January 17, 2007 3:18 PM PST
Find toxic wastelands via Google Earth
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Agency representatives at a public meeting here on Wednesday unveiled what they billed as the first step in a new push to make the EPA's vast scientific data stores more readily accessible online for download and incorporation into popular applications like Google Earth and Microsoft Virtual Earth.
The agency's ultimate goal is to boost public awareness of its activities--with a loftier aim of improving public health and the environment in the process--by allowing federal agencies, companies and even mashup artists to get their hands on the data more easily. Such data can play a key role in everything from land-use planning to real estate transactions, they said.
"We're extremely excited about this," said Pat Garvey, one of the project's managers. "We think this is really going to advance public access."
The pilot piece of that effort, posted early Wednesday morning, is a single XML file containing information on about 1,600 locales relegated to the Superfund National Priorities List. As required by Congress since 1980, the EPA uses that list to locate, investigate and clean up the worst-offending landfills, chemical plants, radiation sites and other areas known or suspected of releasing contaminants, pollutants and other hazardous substances.
By the end of the year, the EPA hopes to expand its offerings to include data on at least 100,000 sites from across its many different regulatory programs, including hazardous waste storage and treatment sites, air pollution trends and toxic chemical releases.
"We would strongly like to encourage large mapping application companies to create environmental (layers), and we hope this data promotes that in giving (them) the right resources," Garvey said.
It was Google, in fact, that may have driven the EPA to pursue the project in the first place. Last year, the search giant approached the federal agency in a quest for data on the National Priorities List, most likely to embed in its maps in some fashion. (Google representatives did not respond immediately to requests for comment about their specific plans.)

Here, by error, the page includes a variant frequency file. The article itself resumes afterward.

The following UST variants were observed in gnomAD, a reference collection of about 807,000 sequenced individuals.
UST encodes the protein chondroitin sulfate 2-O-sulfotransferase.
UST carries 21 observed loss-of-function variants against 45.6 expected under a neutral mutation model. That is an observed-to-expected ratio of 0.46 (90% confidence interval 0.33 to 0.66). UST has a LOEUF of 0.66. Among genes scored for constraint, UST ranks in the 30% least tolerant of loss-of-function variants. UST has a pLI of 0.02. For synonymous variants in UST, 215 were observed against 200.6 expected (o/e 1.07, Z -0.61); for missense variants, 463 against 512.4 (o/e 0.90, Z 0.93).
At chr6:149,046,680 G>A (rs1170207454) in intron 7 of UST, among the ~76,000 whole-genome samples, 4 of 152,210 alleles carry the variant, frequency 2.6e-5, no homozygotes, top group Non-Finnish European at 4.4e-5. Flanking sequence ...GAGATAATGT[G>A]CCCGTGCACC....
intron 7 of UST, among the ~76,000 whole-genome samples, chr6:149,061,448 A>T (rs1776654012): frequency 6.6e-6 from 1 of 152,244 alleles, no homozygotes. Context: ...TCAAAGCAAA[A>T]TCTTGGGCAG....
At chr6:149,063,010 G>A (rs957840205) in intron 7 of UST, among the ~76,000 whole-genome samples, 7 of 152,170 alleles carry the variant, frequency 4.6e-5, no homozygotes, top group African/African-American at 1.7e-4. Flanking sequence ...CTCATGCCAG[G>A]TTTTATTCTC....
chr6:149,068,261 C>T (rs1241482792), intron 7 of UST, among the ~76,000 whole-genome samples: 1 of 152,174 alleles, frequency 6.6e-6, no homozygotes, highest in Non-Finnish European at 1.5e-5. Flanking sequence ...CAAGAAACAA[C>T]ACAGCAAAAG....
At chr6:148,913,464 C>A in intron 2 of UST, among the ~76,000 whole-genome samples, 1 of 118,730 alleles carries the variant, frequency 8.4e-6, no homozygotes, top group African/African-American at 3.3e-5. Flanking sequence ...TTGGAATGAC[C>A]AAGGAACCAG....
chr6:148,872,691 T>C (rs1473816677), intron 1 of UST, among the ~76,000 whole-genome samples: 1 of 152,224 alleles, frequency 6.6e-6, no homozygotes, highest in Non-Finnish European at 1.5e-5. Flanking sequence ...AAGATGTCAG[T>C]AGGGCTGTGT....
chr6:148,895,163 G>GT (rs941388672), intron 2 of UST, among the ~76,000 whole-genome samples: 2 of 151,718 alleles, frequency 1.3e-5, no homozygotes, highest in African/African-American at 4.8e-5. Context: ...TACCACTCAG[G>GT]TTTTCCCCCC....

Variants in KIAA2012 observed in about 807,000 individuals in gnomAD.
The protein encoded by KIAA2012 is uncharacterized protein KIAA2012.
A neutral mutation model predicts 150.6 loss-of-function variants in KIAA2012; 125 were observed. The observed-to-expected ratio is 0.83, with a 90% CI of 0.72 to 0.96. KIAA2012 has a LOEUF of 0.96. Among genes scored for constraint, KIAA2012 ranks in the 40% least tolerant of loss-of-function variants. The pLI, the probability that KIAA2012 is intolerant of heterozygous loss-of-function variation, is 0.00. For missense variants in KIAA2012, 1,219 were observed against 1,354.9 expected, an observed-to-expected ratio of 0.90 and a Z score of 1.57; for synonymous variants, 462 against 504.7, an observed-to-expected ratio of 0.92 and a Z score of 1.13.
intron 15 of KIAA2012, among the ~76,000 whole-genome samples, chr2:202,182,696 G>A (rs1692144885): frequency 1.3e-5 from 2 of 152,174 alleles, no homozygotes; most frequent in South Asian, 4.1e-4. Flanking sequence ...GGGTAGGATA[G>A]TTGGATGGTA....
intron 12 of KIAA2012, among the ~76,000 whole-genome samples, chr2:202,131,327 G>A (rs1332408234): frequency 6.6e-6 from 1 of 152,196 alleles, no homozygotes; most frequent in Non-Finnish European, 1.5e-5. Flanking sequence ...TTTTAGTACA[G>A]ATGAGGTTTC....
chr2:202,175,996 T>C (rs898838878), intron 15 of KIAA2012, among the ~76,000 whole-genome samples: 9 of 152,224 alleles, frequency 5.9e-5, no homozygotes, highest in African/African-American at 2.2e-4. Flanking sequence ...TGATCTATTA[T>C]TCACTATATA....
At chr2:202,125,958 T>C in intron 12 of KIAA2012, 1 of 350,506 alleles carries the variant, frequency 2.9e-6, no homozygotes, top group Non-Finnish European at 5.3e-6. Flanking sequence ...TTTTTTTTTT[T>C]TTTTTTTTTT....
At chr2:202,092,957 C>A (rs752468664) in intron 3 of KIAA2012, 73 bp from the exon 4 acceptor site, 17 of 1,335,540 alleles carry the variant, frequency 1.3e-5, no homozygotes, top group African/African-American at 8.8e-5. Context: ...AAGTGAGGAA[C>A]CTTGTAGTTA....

That request prompted some EPA representatives to suggest making agency-wide data more readily accessible. At a September meeting, they decided to make the NPL data their inaugural effort, with more data expected to come.
The EPA wasn't the first to think of the idea. The U.S. Geological Survey already makes data available through its Web site in a variety of formats, including XML and RSS, prompting user mashups based on items like live earthquake data.
The EPA Web site already serves up a variety of data to the public, but getting to that information often requires a number of queries to separate databases. Sometimes companies even have to file cumbersome Freedom of Information Act, or FOIA, requests to obtain certain data. By the time the EPA burns and ships off a compact disc to fulfill the queries, the data is often already out of date, Garvey said.
Now, anyone can access the XML file--no log-in required--and without the costs associated with fulfilling FOIA requests.
The EPA plans to continue updating a single XML file approximately once a month while archiving earlier versions in case users still wish to download them. Users may opt to sign up for e-mail updates alerting them of any changes to the files.
Agency representatives decided on the XML format because they viewed it as "very portable and translatable," but they're willing to entertain requests for other formats, said Dalroy Ward, who manages the project. The file includes the name, address and latitude-longitude coordinates of a site; the EPA program area in which it falls; and URLs to EPA Web sites providing additional information about the sites and programs in question.
"It's a significant step in my mind," said Larry Zarigoza, an official with the EPA's Superfund office, "to better understand what data we have that's out there."